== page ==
PhotoTree Reports

While exhibiting and presenting a session on Dating 19th Century Photographs at the August 2010 Family History Expo in Sandy, Utah, I had the opportunity to take a first-hand look at the Flip-Pal mobile scanner and give it good test.  I was very interested in the capabilities of the Flip-Pal mobile scanner, especially for archival-quality scans while traveling.

A little background first.  As the founder of PhotoTree.com, I have digitized over 3,000 19th century photographs, using a variety of techniques and products, and have developed some expectations of scanning and copying technologies.

PhotoTree.com publishes an online database of 19th century photographs and has developed processes to date them, both online and using printed publications.  Additionally, we perform photo restoration on heirloom photographs, requiring high resolution digital copies of the original image.

We digitize photographs either with high-end flatbed scanners or by copying the image with a high resolution digital camera using a copy stand and custom lights.  A 12 mega pixel Nikon D300 camera with a 60mm macro lens is use.  All of this is more than a $2,500 setup – and very bulky.  And of course the flatbed scanner requires an attached PC, cable, power, etc.  Not real nimble.

When traveling, I usually don’t have the luxury of bringing my scanner or all the photography equipment along, but still need to frequently create high-quality scans of newly discovered photographs.  So I have been seeking a high resolution, portable scanning solution.

Back to Flip-Pal test.  The second day of the expo during a lull I introduced myself to Ben Kimbell in the Flip-Pal booth, and explained my activities and scanning needs.  Despite my skepticism, the size, easy of use, and price seemed very intriguing – if too good to be true.  And you know what they say about things being too good to be true.  So, I gave Ben a challenge and had him scan a really nice 120 year-old cabinet card that was very crisp and had great tonal range.

Ben scanned the picture at 600 DPI, and I took it back to my PC to open with PhotoShop.  Voila!  To most people, you wouldn’t have been able to tell the difference between the Flip-Pal scan and the master copy I made with my Nikon camera which was approximately 600 DPI also.  When we zoomed in as much as 300%, both images exhibited nearly identical sharpness, with differences being mostly matter of opinion at that point.  The scanned image did have some detectable noise and some JPG compression loss. But to be honest, you really had to look for them, and both of those were in acceptable ranges, especially when you compare the JPG file size of 1.8MB for the Flip-Scan versus 24MB for the original Photoshop file.  The Flip-Pal can scan at 300 DPI also, which we did.  The results were very good and ideal for most user applications.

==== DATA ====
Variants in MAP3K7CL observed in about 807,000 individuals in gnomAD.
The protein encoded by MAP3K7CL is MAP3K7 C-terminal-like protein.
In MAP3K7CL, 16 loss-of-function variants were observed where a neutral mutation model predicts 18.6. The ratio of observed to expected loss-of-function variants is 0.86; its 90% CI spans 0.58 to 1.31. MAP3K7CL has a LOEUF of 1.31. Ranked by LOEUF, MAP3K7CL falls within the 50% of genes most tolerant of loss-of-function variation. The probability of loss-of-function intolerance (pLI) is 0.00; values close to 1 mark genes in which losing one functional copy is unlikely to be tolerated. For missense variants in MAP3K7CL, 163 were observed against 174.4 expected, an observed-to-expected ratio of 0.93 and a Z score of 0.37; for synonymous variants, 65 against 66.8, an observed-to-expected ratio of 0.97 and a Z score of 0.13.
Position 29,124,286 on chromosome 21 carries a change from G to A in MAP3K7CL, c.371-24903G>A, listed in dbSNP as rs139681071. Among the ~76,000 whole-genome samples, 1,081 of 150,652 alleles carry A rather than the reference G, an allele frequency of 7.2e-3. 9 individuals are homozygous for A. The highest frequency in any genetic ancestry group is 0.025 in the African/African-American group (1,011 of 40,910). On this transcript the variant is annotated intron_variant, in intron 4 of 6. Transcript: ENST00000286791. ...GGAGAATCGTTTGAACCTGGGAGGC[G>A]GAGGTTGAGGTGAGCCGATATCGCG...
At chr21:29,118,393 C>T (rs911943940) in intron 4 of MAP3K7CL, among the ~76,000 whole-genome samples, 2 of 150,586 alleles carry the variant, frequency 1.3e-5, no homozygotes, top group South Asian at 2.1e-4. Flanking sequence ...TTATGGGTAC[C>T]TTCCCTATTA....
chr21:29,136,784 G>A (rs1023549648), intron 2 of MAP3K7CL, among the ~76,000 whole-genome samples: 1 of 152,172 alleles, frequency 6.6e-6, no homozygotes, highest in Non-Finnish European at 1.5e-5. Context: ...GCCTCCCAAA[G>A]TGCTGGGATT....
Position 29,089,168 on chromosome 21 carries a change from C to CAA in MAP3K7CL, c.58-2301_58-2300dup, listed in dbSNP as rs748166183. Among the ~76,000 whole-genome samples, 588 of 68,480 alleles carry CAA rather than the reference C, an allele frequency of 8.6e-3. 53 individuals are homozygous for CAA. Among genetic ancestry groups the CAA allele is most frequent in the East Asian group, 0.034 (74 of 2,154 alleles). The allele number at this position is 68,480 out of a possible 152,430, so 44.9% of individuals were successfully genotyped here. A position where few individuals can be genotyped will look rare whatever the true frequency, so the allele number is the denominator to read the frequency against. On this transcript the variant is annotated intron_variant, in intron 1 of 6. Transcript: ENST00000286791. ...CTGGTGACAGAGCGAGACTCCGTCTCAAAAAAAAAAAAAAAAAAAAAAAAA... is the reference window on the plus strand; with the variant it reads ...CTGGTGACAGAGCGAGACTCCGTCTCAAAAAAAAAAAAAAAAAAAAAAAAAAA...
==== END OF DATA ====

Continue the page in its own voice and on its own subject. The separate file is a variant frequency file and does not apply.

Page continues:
This is my original image (Gary from Photo Tree)

Flip-Pal scan from Sandy – 600DPI

The Flip-pal is certainly up to all the scanning tasks that a genealogist has – and even more.  I will use it as an archival tool when I don’t have access to my studio or can’t bring all my equipment with me.  The small size is a great benefit to the traveler, it’s half the size of my iPad.  And the image quality is superb.

Gary Clark, Founder, PhotoTree.com Contact: gary[@]phototree.com

About PhotoTree.com

PhotoTree.com provides numerous services and tools to genealogists of all levels, collectors, and historians that guide them through the process of dating 19th century photographs, and helps them preserve their valuable photographs through restoration, reproduction, and archiving techniques.

Tools include an online gallery of more than 1,000 dated images in over 50 categories to compare with undated family photos.  Viewing documented examples similar to family photos can help establish the probable date of a photograph. This web site, including an extensive history and description of 19th century photographs is freely available to the public.

A series of easy-to-use, unique publications for the genealogist and other 19th century photograph enthusiasts are forthcoming from PhotoTree.com.  Available in e-book and print, these highly illustrated, sample-based guides provide the most in-depth explanation of photograph dating techniques ever published.

In addition, PhotoTree.com offers expert photograph restoration and enhancement services; ensuring that damaged photos will not be lost forever, but can be restored and recreated as beautiful artwork.  For a comprehensive source of 19th century photographic information visit www.phototree.com

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